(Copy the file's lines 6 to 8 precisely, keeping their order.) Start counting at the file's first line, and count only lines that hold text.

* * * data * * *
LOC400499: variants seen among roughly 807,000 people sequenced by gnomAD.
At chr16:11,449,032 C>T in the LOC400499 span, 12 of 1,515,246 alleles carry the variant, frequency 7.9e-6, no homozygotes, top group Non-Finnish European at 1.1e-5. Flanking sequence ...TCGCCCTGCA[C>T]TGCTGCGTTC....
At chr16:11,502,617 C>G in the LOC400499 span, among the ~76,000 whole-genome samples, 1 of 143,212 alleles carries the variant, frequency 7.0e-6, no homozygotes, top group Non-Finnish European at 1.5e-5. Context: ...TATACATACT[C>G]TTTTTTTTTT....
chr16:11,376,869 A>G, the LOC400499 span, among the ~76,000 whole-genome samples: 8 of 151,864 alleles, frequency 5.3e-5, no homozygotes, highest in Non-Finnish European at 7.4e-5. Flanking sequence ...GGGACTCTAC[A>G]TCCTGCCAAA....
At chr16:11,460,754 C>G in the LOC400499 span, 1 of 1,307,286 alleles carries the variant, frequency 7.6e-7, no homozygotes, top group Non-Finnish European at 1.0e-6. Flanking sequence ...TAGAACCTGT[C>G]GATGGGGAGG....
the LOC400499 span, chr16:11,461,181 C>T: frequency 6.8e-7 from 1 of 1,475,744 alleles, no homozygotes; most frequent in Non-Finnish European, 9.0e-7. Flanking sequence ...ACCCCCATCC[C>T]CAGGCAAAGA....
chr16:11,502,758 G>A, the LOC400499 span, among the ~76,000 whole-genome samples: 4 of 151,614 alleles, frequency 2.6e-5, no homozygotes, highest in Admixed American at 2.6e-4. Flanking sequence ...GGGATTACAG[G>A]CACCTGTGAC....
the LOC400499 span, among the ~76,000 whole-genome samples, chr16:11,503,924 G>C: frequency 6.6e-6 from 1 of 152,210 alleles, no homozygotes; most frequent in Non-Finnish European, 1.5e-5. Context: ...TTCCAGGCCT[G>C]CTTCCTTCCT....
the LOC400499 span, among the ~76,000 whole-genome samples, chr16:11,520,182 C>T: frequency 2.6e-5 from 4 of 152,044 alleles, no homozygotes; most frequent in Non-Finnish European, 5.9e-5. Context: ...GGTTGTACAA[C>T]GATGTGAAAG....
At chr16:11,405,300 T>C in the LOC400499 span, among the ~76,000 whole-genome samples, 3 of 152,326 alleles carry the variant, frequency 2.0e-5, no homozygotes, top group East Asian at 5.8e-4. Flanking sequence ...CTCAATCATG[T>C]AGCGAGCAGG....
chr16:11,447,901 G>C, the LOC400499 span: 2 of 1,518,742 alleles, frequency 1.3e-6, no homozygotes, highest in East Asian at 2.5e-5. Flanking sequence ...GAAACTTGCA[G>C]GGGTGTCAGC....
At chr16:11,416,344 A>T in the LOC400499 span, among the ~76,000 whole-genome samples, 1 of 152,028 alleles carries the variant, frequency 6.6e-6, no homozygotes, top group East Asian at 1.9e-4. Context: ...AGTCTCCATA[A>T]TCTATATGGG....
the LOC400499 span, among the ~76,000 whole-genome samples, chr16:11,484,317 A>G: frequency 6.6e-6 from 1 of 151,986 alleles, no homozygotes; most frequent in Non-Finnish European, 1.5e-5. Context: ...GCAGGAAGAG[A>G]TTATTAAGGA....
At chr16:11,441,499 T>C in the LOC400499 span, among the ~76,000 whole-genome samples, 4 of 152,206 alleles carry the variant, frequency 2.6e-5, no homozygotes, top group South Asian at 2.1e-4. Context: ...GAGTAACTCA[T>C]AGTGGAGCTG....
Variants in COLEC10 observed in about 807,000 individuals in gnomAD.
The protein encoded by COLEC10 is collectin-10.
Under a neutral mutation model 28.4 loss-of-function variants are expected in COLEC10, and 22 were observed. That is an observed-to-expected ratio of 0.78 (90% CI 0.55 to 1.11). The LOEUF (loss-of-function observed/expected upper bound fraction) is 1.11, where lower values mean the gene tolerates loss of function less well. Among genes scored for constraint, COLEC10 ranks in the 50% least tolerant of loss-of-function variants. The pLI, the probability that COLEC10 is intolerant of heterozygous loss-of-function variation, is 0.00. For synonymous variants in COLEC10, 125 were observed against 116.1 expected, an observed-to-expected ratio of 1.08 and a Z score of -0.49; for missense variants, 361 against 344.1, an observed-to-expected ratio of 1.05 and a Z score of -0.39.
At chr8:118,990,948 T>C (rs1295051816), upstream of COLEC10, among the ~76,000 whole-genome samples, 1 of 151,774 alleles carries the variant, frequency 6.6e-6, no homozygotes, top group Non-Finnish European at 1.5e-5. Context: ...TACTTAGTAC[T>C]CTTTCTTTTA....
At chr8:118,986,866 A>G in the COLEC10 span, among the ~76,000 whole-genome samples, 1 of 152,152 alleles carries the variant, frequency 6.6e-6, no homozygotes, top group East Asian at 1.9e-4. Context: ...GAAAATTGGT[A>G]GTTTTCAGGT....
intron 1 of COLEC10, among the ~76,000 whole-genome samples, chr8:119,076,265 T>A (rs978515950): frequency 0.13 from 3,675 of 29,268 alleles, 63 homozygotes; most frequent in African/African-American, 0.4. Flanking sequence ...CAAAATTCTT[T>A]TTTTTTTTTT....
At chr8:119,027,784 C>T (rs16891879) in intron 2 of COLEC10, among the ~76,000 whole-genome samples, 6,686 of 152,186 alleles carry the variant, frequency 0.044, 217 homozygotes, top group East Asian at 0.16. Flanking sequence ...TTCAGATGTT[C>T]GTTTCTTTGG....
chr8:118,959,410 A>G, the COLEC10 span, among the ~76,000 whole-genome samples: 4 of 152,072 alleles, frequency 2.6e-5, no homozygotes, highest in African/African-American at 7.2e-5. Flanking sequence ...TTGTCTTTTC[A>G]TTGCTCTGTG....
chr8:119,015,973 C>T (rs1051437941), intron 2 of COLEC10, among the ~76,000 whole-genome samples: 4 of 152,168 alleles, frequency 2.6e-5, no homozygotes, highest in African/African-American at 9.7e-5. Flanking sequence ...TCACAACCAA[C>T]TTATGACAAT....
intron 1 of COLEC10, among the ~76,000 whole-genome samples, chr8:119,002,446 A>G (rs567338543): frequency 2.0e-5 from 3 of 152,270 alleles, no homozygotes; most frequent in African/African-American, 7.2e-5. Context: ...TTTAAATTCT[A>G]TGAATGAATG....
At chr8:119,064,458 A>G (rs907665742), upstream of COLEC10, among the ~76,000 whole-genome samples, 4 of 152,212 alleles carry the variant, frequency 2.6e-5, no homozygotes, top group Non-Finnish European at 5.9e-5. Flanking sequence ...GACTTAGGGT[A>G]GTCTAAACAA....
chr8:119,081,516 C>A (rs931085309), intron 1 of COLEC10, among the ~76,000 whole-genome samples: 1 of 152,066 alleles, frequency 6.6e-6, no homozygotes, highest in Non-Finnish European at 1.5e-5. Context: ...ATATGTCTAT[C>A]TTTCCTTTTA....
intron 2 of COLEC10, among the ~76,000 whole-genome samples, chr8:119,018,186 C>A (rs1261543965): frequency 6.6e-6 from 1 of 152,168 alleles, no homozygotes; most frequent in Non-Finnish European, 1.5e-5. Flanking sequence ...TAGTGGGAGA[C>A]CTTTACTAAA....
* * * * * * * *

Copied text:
the LOC400499 span, chr16:11,461,181 C>T: frequency 6.8e-7 from 1 of 1,475,744 alleles, no homozygotes; most frequent in Non-Finnish European, 9.0e-7. Flanking sequence ...ACCCCCATCC[C>T]CAGGCAAAGA....
chr16:11,502,758 G>A, the LOC400499 span, among the ~76,000 whole-genome samples: 4 of 151,614 alleles, frequency 2.6e-5, no homozygotes, highest in Admixed American at 2.6e-4. Flanking sequence ...GGGATTACAG[G>A]CACCTGTGAC....
the LOC400499 span, among the ~76,000 whole-genome samples, chr16:11,503,924 G>C: frequency 6.6e-6 from 1 of 152,210 alleles, no homozygotes; most frequent in Non-Finnish European, 1.5e-5. Context: ...TTCCAGGCCT[G>C]CTTCCTTCCT....